And now that I'm back home, I'm reveling in the sounds of a quiet house. The occasional deep breath that my four-year-old takes, while he's asleep in my bed. The hum of the heater as it kicks in to warm the cool morning air. The sporadic snort from my parents who slumber away in the guest room. The crunch-crunch that marks our cat's completion of her meal last night. The complete silence from my two year old, who has been sleeping for the last 14 hours, more or less.
And then there's me, awake with the cat, my Rescuer, and my thoughts.
As I look back on this week and try to soak it all in before the chaos of December ensues, I am thankful for God's divine abundance in reaching out to me, to speak to my heart through the mud and muck in which I so easily find myself.
On Monday, when I was overwhelmed at the thought of all that needed to be accomplished this week--the dishes, the shopping, the food prep, the LAUNDRY, the cleaning, the organizing, the entertaining--God was at work organizing a "daddy-daughter date" to the grocery store. My dad offered to join me on my daunting trip of Thanksgiving food shopping that night. We somehow found ourselves on the topic of Laundry Day, and what it looked like in his home when he was growing up in the '40s with seven siblings and a widowed mother:
He and a few others had the job of going out to pump the water, which then they would bring by buckets into the house, to fill large pots on the stove. Once the water on the stove was warm enough, his mother would carry it, potful by potful, across the kitchen, through their back entry room, and into the "wash kitchen." Once the wash tubs had enough water, she would add the laundry and turn on a machine in the wash tub that would agitate the clothes. Then she would transfer them to another wash tub (which she also needed to fill up with water), then wring it out through the electric wringer, then rinse it in the rinse tub, which thankfully could be filled with cold water that the children would bring in from the pump. Then she would wring the clothes again, and hang them up to dry.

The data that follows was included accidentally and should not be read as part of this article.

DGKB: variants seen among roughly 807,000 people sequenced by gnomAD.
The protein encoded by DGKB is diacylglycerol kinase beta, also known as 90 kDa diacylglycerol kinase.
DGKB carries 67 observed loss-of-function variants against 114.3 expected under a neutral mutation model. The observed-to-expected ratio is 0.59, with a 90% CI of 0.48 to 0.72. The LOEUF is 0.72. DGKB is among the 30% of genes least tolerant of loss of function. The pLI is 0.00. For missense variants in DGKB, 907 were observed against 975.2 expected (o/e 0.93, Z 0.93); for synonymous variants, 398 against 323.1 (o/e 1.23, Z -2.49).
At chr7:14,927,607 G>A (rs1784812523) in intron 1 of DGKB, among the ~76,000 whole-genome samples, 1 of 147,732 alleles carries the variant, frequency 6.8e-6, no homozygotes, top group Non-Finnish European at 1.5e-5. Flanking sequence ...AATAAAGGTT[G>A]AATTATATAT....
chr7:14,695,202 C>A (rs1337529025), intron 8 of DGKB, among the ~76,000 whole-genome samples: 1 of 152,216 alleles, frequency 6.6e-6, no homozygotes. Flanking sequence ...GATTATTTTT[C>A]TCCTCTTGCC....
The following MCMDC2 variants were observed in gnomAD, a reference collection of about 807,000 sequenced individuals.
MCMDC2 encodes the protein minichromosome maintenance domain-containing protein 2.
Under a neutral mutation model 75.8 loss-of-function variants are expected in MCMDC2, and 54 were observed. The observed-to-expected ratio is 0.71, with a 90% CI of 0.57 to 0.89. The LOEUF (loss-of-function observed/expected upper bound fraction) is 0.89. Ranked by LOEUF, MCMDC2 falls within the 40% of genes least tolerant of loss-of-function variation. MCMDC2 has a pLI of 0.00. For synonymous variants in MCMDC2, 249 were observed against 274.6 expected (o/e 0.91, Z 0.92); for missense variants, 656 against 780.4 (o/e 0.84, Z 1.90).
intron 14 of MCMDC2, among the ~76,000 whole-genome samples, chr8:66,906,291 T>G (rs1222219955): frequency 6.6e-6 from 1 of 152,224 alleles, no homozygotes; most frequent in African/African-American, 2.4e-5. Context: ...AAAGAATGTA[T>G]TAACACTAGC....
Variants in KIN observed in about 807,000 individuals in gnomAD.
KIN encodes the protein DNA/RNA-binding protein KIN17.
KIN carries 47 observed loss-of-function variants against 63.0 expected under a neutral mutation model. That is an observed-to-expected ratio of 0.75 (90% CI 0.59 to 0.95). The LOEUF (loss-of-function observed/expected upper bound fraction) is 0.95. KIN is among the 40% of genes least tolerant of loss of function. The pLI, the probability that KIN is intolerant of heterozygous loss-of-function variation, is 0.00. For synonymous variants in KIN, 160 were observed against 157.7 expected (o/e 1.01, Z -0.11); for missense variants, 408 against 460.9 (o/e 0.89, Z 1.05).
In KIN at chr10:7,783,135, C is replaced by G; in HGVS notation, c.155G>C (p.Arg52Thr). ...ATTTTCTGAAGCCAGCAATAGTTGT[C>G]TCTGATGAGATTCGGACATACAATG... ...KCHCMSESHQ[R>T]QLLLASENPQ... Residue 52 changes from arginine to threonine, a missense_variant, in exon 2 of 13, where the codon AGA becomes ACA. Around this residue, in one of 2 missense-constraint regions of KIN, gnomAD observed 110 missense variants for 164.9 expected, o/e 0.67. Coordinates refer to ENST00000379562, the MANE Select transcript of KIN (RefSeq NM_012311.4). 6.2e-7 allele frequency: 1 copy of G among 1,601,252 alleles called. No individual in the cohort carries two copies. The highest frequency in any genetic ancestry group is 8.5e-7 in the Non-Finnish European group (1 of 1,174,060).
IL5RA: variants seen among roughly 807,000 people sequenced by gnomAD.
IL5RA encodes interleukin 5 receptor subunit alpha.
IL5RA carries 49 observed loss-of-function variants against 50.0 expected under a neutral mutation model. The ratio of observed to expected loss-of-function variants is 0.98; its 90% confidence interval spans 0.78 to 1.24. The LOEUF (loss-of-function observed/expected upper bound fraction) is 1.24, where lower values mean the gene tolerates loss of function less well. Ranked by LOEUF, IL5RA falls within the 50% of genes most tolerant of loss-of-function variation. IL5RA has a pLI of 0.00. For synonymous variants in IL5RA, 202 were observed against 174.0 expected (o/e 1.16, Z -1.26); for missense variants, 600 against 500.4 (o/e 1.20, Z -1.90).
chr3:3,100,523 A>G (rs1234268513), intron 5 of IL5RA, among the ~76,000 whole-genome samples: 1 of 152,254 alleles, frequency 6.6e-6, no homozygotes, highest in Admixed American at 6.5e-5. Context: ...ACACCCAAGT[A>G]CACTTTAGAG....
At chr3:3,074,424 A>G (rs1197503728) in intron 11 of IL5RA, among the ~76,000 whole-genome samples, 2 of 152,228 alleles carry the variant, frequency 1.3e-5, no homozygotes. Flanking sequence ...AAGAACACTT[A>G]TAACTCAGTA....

In a matter of five minutes, my job of laundry went from feeling overwhelming to feeling like a vacation.
On Tuesday, when I didn't know how I would get all of the food preparations done and the logistics of hosting a meal for more people than I had chairs or silverware, God seemed to take my hand and lead me to a quiet place where he could show me how he was taking care of everything. My brother could bring silverware; my love could borrow some folding chairs from church. Easy for the care-taker of the universe.
On and on it went. I worried. God redirected my heart.
And so, by the time I reached Thanksgiving Day, it didn't matter one bit that I burned the bottoms of both pans of stuffing or that we got started eating almost an hour behind schedule.
God planned a gorgeous day--the warmest and one of the sunniest days of the month. We were able to have our meal outside, where there was plenty of room and no one was in the least bit cramped. God orchestrated a lovely gathering of people who were called to be his children, and who also happen to be relatives. Love abounded. Thanks abounded. Laughter abounded. Sparkling cider abounded.
God's provision abounded and abounds and will abound.
And my heart abounds with thanks.